Facts About F-14 Tomcat: Top Gun Movie Legend And Iran’s Best Fighter Jet
|Facts About F-14 Tomcat: Top Gun Movie Legend And Iran’s Best Fighter Jet|
One of the most famous and recognizable American fighter jets has got to be the F-14 Tomcat. Featured in the classic movie Top Gun and serving 36 years in the Navy protecting the United States, this powerhouse of a plane is still missed by airpower affections and the pilots and Radar Intercept Officers (RIO) - the flight officers in the aft seat of the jet - who flew it.
As you can already imagine, the Grumman F-14 Tomcat is a daredevil in the world of naval aviation. Let’s check out the history and the reasons why that is so:
What is the F-14 Tomcat?
The F-14 Tomcat is a supersonic, twin-engine, variable-sweep wing, two-place fighter designed to attack and destroy enemy aircraft at night and in all weather conditions. The F-14 can track up to 24 targets simultaneously with its advanced weapons control system and attack six with Phoenix AIM-54A missiles while continuing to scan the airspace. The Tomcat is the only U.S. plane capable of carrying the long-range Phoenix missile, which can fire at targets from distances of about 80 miles. Armament also includes a mix of other air intercept missiles, rockets, and bombs.
Manufactured by Grumman Aircraft Corporation, the F-14 employs variable geometry wings to optimize aircraft performance throughout the flight envelope. The F-14 swing-wing could be manually controlled by the pilot or shifted automatically according to the plane’s speed. It moved forward to allow the plane to land on tiny aircraft carrier decks at relatively low speeds and backward as the plane dashed out to intercept Soviet bombers. The multiple tasks of navigation, target acquisition, electronic countermeasures (ECM), and weapons firing are divided between the pilot and the radar intercept officer (RIO).
History of F-14 Tomcat
The F-14 was developed to replace the McDonnell Douglas F-4 Phantom II, the fighter in service with the U.S. Navy. This resulted from the experience accumulated by Grumman in developing the naval version of the F-111A of USAF the F-111B which was canceled because it has proved somewhat maneuverable, heavy, and, in general, poorly designed for operations based on an aircraft carrier, Which led to the cancellation of the project 1968.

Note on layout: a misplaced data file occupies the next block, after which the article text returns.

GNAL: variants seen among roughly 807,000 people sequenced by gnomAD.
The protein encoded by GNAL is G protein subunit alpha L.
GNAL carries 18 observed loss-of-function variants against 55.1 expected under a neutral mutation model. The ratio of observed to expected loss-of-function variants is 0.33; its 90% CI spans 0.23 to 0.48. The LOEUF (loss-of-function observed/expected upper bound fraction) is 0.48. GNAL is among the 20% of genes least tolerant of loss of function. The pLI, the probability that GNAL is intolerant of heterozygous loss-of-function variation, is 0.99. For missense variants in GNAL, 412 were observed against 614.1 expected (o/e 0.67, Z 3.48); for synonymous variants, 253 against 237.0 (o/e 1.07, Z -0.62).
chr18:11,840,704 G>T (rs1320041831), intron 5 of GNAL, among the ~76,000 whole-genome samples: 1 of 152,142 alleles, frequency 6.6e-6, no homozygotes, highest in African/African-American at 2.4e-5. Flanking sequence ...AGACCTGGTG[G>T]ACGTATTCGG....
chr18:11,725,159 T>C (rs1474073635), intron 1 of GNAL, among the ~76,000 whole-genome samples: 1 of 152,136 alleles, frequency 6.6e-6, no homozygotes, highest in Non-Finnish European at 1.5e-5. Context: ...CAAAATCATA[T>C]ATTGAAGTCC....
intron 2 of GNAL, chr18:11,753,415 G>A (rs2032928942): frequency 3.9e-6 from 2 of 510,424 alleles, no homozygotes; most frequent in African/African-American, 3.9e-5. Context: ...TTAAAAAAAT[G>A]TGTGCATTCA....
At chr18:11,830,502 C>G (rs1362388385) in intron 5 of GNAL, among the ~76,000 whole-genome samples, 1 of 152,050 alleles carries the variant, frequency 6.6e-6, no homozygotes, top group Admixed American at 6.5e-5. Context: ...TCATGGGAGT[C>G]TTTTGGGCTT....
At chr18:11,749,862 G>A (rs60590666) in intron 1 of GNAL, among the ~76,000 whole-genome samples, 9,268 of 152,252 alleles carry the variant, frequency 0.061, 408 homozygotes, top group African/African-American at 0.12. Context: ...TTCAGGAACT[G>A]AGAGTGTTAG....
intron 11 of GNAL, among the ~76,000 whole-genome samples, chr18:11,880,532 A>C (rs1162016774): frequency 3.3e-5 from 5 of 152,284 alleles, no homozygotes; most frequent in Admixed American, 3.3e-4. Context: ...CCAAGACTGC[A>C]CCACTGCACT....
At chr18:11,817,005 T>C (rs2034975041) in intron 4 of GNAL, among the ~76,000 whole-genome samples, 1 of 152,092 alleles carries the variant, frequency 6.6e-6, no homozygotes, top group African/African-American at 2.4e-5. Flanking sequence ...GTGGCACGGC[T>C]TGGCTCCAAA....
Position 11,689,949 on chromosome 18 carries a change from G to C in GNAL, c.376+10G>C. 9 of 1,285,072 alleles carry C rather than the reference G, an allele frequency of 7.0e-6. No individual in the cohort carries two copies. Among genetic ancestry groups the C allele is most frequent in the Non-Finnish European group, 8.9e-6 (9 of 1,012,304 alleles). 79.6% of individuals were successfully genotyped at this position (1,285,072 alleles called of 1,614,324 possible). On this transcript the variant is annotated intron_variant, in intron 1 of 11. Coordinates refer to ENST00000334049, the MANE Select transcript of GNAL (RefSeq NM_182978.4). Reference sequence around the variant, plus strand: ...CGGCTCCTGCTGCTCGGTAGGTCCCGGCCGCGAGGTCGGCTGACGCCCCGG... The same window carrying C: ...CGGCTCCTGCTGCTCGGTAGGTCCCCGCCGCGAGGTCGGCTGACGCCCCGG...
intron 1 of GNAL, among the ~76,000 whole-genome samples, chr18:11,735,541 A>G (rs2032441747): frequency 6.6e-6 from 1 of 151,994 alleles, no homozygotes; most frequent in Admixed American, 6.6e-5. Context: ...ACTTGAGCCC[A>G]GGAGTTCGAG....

The only country besides the U.S. to use the F-14 is Iran. When in 1976 began to receive the first aircraft of a total of 80 ordered along with 424 AIM-54A Phoenix - to cope with fast MiG-25 Foxbat of USSR who made frequent incursions into Iranian airspace. Of the 80 ordered, 79 F-14s were delivered with 270 Phoenix, the last delivery was canceled because of the Islamic Revolution in Iran. Therefore caused the disruption of relations between the two countries. Even with great difficulty to keep them able to fly. It is estimated that the Iranian air force has about 30 planes operational. According to some sources the Iranian F-14 played an important role in War Iran - Iraq, Shooting down over 30 enemy aircraft. Other sources were limited (due to the embargo on spare parts and weapons ) to use its powerful radar to illuminate targets for the fighters F-5 Freedom Fighter and F-4 Phamtom II.
F-14 design and features
F-14 aircraft has a length of 19.1m, a height of 4.8m and a wingspan of 19.55m. It can accommodate two crew members.
The maximum take-off weight of the aircraft is 33.7t , while the empty and loaded weights are 19.8t and 27.7t respectively.
The variable-sweep wing and the twin almost upright tail fins of the F-14 Tomcat give the aircraft its distinctive appearance. The variable-sweep wings are set at 20° for take-off, loitering and landing and automatically change to a maximum sweep of 68°, which reduces drag for high subsonic to supersonic speeds. The wings are swept at 75° for aircraft carrier stowage.
Catseye night-vision goggles from BAE Systems have been installed in the F-14 since 1996. The F-14D front cockpit is equipped with a head-up display and two multifunction flat-screen displays. The rear cockpit for the radar intercept officer is equipped with a display that presents fused data from the AN/APG-71 radar and from the suite of aircraft sensors.
82 US Navy F-14Bs were upgraded with Flight Visions Sparrow Hawk HUD and FV-3000 modular mission display system, which improve reliability and night-vision capability. The cockpit is equipped with the NACES zero/zero ejection seat supplied by Martin-Baker Aircraft Company.
The F-14 is armed with a General Electric Vulcan M61A-1 20mm gun with 675 rounds of ammunition, which is mounted internally in the forward section of the fuselage on the port side.
The aircraft has eight hardpoints for carrying ordnance, four on the fuselage, and two each side under the fixed section of the wings. The aircraft can carry the short, medium and long-range air-to-air missiles AIM-9, AIM-7, and AIM-54, and air-to-ground ordnance including the Rockeye bomb and CBU cluster bombs.